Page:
This webinar will explore the impact of formal academic education, gender, race, age, and military service have on the number of deputy sheriff disciplinary issues. The results came from running a non-experimental quantitative research analysis using a large Southeast Sheriff’s Office.
This webinar is geared towards all criminal justice professionals, those employed in the field of academia, and citizens who are interested in learning the truth concerning disciplinary issues and law enforcement. Although the actual study being discussed focused solely on sworn law enforcement officers, the information gathered from the study can be used in a variety of fields. A portion of the webinar will provide crucial information specifically to law enforcement agency command staff members, chiefs of police and sheriffs, who are interested in using research-based strategies and policies in their own agencies to reduce issues and increase performance.
In this webinar, attendees will gain/learn the following:
- An up-to-date snapshot of the levels of formal education in law enforcement.
- Insight into the benefits of academic education and military service on disciplinary issues.
- Important directions for future research.
- The relationship between an agency’s hiring standards and their reputation.
- Suggestions to law enforcement agencies concerning hiring when considering applicant credentials.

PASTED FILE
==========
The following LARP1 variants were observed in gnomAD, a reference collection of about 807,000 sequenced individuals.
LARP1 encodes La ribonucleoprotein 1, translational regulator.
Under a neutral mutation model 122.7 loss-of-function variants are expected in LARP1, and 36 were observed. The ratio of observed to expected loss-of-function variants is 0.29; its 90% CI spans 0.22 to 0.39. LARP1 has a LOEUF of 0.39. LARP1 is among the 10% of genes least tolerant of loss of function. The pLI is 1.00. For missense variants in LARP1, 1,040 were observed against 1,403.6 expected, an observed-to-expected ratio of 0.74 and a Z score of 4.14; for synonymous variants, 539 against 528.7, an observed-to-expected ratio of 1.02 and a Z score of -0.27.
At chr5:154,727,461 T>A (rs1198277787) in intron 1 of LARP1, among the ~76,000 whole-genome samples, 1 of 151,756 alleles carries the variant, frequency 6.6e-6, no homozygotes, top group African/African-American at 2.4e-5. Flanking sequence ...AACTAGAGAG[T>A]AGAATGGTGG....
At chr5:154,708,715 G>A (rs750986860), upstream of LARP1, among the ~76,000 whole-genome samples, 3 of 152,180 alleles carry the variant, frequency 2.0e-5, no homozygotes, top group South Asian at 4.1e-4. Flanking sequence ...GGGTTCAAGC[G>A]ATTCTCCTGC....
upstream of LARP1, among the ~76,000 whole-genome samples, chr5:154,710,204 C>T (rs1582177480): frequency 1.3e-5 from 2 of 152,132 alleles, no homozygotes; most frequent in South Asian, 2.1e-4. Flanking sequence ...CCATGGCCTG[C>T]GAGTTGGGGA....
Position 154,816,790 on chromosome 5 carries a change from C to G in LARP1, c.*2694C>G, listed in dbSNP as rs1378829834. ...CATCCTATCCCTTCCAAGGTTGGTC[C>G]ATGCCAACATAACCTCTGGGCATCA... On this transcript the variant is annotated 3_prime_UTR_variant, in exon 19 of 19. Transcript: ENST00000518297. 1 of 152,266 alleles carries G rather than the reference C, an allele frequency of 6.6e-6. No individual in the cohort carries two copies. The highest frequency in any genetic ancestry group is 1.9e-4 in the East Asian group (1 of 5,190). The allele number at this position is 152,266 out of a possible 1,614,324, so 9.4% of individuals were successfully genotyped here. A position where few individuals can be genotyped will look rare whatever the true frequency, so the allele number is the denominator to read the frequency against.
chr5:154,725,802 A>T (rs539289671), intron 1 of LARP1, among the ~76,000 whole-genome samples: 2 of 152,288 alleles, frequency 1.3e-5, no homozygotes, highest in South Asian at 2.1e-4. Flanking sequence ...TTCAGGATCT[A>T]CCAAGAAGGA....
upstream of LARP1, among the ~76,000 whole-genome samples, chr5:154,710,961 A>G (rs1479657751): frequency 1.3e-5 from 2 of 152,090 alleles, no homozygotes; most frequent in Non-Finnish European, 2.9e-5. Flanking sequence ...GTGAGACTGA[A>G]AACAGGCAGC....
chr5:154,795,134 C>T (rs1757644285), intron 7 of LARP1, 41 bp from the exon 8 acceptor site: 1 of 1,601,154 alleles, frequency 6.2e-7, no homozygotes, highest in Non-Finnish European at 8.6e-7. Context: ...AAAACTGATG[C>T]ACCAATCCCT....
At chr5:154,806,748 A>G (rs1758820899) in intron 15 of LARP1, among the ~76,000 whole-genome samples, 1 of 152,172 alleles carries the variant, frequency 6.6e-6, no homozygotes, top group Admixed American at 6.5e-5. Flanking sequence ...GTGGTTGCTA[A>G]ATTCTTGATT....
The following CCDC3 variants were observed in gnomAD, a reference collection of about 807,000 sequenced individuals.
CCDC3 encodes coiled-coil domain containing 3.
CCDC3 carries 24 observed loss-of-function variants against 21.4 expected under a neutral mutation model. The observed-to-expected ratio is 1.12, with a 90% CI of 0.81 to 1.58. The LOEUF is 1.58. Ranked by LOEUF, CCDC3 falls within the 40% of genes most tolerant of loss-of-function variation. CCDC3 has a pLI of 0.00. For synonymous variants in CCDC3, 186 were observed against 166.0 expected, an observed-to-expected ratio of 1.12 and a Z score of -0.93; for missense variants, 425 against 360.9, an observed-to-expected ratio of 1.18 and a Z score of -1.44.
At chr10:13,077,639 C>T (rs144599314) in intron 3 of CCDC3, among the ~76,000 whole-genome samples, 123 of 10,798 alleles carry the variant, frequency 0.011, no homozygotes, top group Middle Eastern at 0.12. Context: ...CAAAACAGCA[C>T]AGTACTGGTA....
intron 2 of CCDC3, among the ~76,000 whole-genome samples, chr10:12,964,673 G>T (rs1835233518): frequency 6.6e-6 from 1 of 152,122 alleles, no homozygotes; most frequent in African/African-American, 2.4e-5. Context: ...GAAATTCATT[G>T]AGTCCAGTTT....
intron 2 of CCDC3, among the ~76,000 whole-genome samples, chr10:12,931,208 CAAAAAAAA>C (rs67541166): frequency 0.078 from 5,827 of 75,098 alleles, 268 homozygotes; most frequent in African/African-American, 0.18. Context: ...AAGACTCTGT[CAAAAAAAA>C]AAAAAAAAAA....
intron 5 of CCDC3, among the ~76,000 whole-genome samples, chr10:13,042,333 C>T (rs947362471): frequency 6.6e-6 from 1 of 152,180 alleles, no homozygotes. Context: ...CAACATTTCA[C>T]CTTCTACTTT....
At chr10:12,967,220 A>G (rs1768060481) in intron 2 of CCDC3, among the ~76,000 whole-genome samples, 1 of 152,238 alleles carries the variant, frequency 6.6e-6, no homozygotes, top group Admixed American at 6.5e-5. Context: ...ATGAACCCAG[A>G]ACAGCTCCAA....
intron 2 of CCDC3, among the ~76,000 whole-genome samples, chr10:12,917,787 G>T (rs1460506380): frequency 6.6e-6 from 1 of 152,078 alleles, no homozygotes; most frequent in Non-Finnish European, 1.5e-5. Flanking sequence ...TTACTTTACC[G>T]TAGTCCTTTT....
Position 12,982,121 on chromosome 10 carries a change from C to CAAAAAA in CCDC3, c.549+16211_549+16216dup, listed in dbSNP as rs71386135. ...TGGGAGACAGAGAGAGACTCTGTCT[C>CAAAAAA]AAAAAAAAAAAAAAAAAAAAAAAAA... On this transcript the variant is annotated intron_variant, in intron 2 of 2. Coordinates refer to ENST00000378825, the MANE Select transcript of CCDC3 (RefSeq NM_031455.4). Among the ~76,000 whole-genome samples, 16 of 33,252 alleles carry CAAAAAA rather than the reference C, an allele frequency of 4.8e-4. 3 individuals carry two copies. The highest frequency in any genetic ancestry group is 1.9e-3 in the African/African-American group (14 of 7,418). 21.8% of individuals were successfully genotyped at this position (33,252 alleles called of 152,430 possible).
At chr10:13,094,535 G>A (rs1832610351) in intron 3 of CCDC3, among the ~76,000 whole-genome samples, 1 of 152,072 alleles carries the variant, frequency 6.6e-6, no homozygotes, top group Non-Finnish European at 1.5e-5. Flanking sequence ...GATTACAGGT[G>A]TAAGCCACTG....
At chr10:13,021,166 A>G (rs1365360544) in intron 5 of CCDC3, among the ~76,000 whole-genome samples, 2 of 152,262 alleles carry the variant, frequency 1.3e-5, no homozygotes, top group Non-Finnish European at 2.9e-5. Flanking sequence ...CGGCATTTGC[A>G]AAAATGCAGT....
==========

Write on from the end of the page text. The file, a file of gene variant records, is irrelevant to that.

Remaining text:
The National Sheriffs’ Association (NSA) is one of the largest associations of law enforcement professionals in the United States, representing more than 3,000 elected sheriffs across the nation, and a total membership of more than 20,000. NSA is a non-profit organization dedicated to raising the level of professionalism among sheriffs, their deputies, and others in the field of criminal justice and public safety. Throughout its seventy-seven year history, NSA has served as an information clearinghouse for sheriffs, deputies, chiefs of police, other law enforcement professionals, state governments and the federal government.
- “The length of time that education in law enforcement has been an emphasis was surprising to me. Thank you for the information.” — Karyn
- “More education helps people do a better job – opens the mind, communicate better. Far too many people have a closed mind.” — Renee
- “One valuable thing I learned was the history of policing and how for over 100 years… Policing has been pressing higher education.” — Tawsha
- “Research validated my perception. Good presentation; however, my agency trains our officers in-house.” — Ronald